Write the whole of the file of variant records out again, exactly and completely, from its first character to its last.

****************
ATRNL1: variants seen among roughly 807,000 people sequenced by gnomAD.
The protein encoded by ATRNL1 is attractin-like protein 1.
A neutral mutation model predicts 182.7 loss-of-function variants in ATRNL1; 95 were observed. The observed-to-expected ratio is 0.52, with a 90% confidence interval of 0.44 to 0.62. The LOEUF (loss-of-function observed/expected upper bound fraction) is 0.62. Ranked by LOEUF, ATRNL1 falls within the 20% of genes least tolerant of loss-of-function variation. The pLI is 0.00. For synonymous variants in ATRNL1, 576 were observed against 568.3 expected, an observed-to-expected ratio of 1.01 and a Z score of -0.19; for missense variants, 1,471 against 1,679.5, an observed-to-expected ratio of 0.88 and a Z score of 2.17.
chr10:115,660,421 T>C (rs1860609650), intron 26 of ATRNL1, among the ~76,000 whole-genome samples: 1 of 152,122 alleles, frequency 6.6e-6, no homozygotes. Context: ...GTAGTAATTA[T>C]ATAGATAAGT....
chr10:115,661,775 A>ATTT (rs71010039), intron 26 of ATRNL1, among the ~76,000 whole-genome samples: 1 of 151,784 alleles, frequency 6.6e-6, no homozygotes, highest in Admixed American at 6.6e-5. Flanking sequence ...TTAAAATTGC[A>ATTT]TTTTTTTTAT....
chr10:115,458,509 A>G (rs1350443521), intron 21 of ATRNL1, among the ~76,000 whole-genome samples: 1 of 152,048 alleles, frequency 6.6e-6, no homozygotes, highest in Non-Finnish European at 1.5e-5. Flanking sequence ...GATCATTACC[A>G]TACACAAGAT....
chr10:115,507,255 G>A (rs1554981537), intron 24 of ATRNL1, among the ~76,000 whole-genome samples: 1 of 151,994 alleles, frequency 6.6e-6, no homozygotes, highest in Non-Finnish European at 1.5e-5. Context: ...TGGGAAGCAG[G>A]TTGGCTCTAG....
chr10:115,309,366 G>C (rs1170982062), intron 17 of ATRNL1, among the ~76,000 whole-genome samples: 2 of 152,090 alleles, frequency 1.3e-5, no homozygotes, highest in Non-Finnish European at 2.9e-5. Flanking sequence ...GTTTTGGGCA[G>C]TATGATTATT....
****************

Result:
ATRNL1: variants seen among roughly 807,000 people sequenced by gnomAD.
The protein encoded by ATRNL1 is attractin-like protein 1.
A neutral mutation model predicts 182.7 loss-of-function variants in ATRNL1; 95 were observed. The observed-to-expected ratio is 0.52, with a 90% confidence interval of 0.44 to 0.62. The LOEUF (loss-of-function observed/expected upper bound fraction) is 0.62. Ranked by LOEUF, ATRNL1 falls within the 20% of genes least tolerant of loss-of-function variation. The pLI is 0.00. For synonymous variants in ATRNL1, 576 were observed against 568.3 expected, an observed-to-expected ratio of 1.01 and a Z score of -0.19; for missense variants, 1,471 against 1,679.5, an observed-to-expected ratio of 0.88 and a Z score of 2.17.
chr10:115,660,421 T>C (rs1860609650), intron 26 of ATRNL1, among the ~76,000 whole-genome samples: 1 of 152,122 alleles, frequency 6.6e-6, no homozygotes. Context: ...GTAGTAATTA[T>C]ATAGATAAGT....
chr10:115,661,775 A>ATTT (rs71010039), intron 26 of ATRNL1, among the ~76,000 whole-genome samples: 1 of 151,784 alleles, frequency 6.6e-6, no homozygotes, highest in Admixed American at 6.6e-5. Flanking sequence ...TTAAAATTGC[A>ATTT]TTTTTTTTAT....
chr10:115,458,509 A>G (rs1350443521), intron 21 of ATRNL1, among the ~76,000 whole-genome samples: 1 of 152,048 alleles, frequency 6.6e-6, no homozygotes, highest in Non-Finnish European at 1.5e-5. Flanking sequence ...GATCATTACC[A>G]TACACAAGAT....
chr10:115,507,255 G>A (rs1554981537), intron 24 of ATRNL1, among the ~76,000 whole-genome samples: 1 of 151,994 alleles, frequency 6.6e-6, no homozygotes, highest in Non-Finnish European at 1.5e-5. Context: ...TGGGAAGCAG[G>A]TTGGCTCTAG....
chr10:115,309,366 G>C (rs1170982062), intron 17 of ATRNL1, among the ~76,000 whole-genome samples: 2 of 152,090 alleles, frequency 1.3e-5, no homozygotes, highest in Non-Finnish European at 2.9e-5. Flanking sequence ...GTTTTGGGCA[G>C]TATGATTATT....